Splashing hands remains one of the Shaolin Temple’s best-kept martial arts secrets. Around 1700, Shaolin monks charged with guarding the temple gates developed a close-in fighting system of kung-fu called splashing hands  (飛濺的手), because the movement of the hands mimic the way we shake off excess water.

The style was valued for its explosive, high-speed hand and footwork, as well as its simultaneous offensive and defensive techniques.  
This training system elicits optimum physical performance by conditioning the body and strengthening the connection between body and mind. The exercises and fighting applications in splashing hands are known for their explosive, high-speed movements. They enhance health and longevity by conditioning and toning the body’s major muscle groups; improve the cardiovascular system; and train both the right and left sides of the brain. The mental and physical conditioning is unique; it sharpens the skills of any athlete, yet is so simple to learn students of nearly any age  can immediately derive its benefits.


Secret Art?
The monks were so protective of their creation they kept it a secret until the late 1940s when the Communist takeover forced a former Nationalist Army general to Taiwan. He later taught it privately to a select few in the Taiwan military. Historically, only a small number of students learned this system. It never became widely practiced even after splashing hands was introduced to fighters not associated with the Shaolin Temple. Those who knew the system’s effectiveness were reluctant to share their knowledge.
Splashing hands has both fighting and health benefits. Combat benefits include:

Jab and Punch
1. Improves eye/hand coordination
2. Tones the waist, abdominals, obliques, deltoids, and serratus anterior (rib muscles)
3. Improves triceps definition and strength

Right and Left Shuffles
1. Increase cardiovascular conditioning
2. Tone the calves, legs and waist
3. Improve overall coordination
4. Synchronize both hemispheres of the brain, allowing clearer thought and decision making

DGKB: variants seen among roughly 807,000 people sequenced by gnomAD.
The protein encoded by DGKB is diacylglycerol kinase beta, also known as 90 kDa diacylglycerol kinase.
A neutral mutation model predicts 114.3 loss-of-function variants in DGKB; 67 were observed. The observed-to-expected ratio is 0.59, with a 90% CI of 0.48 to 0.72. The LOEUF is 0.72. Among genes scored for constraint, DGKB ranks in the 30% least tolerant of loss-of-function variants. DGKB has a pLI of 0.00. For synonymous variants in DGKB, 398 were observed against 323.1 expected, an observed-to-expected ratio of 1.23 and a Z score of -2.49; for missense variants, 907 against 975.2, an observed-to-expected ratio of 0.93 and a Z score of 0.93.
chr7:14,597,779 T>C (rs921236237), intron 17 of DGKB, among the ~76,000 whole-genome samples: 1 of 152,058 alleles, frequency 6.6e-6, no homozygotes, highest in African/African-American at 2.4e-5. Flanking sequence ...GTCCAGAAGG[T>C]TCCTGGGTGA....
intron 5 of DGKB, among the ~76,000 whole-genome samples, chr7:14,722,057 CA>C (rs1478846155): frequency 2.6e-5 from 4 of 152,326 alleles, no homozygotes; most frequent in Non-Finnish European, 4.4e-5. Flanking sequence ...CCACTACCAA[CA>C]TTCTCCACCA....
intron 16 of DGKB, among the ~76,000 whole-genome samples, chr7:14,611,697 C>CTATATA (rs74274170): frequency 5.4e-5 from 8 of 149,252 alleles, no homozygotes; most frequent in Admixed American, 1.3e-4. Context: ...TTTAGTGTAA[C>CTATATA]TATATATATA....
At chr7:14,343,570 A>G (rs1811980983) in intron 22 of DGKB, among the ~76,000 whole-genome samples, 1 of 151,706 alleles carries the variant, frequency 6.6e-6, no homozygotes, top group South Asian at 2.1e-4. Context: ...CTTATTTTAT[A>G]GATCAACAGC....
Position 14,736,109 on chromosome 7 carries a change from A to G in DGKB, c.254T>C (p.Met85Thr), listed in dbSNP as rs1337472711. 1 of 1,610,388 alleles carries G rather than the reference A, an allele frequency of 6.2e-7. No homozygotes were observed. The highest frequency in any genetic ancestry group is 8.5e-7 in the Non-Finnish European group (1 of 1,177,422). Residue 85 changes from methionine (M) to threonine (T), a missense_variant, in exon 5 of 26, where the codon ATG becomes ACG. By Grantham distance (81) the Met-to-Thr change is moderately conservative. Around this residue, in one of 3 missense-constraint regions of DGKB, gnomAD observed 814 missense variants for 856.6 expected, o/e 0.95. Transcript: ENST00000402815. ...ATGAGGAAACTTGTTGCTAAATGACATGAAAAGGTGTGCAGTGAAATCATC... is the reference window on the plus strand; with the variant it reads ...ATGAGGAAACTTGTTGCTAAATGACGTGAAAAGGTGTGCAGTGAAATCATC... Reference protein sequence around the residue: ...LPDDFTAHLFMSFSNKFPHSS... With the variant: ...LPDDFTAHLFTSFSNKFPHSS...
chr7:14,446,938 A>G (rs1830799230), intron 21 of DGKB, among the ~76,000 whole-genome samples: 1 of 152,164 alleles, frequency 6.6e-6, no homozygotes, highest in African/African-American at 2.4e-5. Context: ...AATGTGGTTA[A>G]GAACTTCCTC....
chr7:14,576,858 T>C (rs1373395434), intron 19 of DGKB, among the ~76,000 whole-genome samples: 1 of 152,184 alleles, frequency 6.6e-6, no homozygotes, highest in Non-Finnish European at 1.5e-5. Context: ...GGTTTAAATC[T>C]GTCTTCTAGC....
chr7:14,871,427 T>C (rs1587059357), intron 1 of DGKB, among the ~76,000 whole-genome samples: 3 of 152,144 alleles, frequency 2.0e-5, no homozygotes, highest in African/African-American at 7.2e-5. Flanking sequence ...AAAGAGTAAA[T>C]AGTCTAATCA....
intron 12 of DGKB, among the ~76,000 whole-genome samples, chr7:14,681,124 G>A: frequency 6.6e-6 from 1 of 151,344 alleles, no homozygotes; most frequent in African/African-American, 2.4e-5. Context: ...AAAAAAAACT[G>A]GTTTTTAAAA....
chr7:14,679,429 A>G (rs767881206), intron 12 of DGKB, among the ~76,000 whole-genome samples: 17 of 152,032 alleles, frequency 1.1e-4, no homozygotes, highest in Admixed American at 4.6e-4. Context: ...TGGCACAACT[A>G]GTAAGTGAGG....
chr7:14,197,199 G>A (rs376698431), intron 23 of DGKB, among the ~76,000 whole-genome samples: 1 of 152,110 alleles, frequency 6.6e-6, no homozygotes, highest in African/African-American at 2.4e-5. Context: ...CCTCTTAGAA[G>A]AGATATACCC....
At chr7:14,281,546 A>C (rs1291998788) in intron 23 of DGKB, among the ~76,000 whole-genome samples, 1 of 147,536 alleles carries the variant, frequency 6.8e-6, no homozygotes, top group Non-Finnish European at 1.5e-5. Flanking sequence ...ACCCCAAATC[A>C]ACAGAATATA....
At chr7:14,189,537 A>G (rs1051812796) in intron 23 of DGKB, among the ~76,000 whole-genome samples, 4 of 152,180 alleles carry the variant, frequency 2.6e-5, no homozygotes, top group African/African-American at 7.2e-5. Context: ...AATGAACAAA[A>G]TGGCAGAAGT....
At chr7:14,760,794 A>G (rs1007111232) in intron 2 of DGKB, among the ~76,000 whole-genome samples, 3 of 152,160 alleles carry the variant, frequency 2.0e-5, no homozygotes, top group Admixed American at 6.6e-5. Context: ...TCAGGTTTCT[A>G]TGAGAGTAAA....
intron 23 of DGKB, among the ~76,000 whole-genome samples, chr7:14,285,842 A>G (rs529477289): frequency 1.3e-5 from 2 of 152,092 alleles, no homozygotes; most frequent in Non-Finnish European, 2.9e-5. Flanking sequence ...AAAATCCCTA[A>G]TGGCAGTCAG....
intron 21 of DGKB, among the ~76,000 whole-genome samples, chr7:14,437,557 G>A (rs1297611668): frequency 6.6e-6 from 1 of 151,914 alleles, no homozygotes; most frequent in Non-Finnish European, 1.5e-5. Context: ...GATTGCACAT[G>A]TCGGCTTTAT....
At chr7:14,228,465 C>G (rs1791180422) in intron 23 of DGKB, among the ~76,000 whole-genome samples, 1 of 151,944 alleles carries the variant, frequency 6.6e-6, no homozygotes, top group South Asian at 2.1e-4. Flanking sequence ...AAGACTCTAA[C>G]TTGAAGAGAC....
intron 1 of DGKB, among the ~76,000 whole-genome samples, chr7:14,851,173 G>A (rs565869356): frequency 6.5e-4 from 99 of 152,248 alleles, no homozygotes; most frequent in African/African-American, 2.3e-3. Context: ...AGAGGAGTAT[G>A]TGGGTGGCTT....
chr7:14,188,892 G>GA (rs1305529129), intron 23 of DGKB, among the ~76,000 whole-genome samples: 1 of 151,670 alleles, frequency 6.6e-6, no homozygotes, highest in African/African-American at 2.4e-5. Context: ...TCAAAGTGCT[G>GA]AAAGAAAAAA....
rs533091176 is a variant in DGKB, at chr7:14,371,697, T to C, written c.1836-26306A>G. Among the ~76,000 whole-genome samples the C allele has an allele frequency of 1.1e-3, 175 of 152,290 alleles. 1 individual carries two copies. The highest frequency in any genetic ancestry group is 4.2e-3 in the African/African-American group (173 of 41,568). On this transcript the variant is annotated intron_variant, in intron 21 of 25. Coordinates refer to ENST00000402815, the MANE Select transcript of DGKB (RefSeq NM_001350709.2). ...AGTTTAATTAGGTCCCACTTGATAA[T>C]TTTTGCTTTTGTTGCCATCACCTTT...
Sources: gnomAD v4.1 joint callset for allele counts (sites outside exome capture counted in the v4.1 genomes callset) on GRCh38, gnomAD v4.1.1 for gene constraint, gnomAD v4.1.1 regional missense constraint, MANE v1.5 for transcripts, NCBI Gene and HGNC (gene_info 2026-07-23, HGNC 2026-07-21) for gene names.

Stiff Leg Kick
1. Improves balance and coordination
2. Strengthens and tones obliques, glutes, quads, calves, and lower abdominals

Right and Left Shuffle Jab and Punch
1. Improves overall conditioning and coordination
2. Improves cardiovascular conditioning, lateral motion, hand and leg speed
3. Tones and strengthens the legs, abdominals, gluteus, and triceps

Rolling Punch
1. Improves eye/hand coordination
2. Strengthens the middle region of torso, rotator cuff, forearms, wrists

Coming to America
In the late 1950s Tiny learned the system while being stationed in Taiwan with the United States Marines Corps. Upon his return to the U.S., Lefiti approached the late kung-fu grandmaster, Ark Yuey Wong, with a letter of introduction from his teacher in Taiwan. Tiny’s teacher knew that Wong was the only person in the United States skilled in this system.

Lefiti asked Wong if he could become a private student. Grandmaster Wong claimed he knew nothing of the style. However, Tiny was persistent and Wong finally agreed to teach him. A few years later, Tiny opened his own school in Huntington Park, Calif. Tiny and Tino Tuiolosega got together with a few of their close friends and relatives who also studied with Wong in the shaolin system he taught. They were Richard Nuñez, Sal Esquival, John Louise and Solomon Kaihewalu. They formed the Lima Lama Association. A few years later, Tiny realized that the original system he learned in Taiwan was going to be lost forever if he didn’t start teaching it soon.  So in 1968 Tiny changed his teachings.

The system is called splashing hands because my teacher, grandmaster Chiao Chang-Hung, said his best friend, a general in the Taiwan army,  taught a system similar to the one I showed him and it was called splashing hands. Today people say splashing hands is another name for mok gar kung-fu. This is not true. 

A good system for fighting and conditioning, it has never been altered or changed in any way. It remains the way Tiny taught it 40 years ago at his school. Those who call it mok gar have changed it; it is no longer a true system as Haumea Lefiti taught it.

Tiny’s Curriculum
Only eight black belt students trained every day at Tiny’s school. They were: David Wright, Fukie, L.T. Davis, Jeanie Willis, Ron Willis, Donald George, James Rodriguez and this author. Four opened a school under Tiny’s name after his death and were experts in Tiny’s system.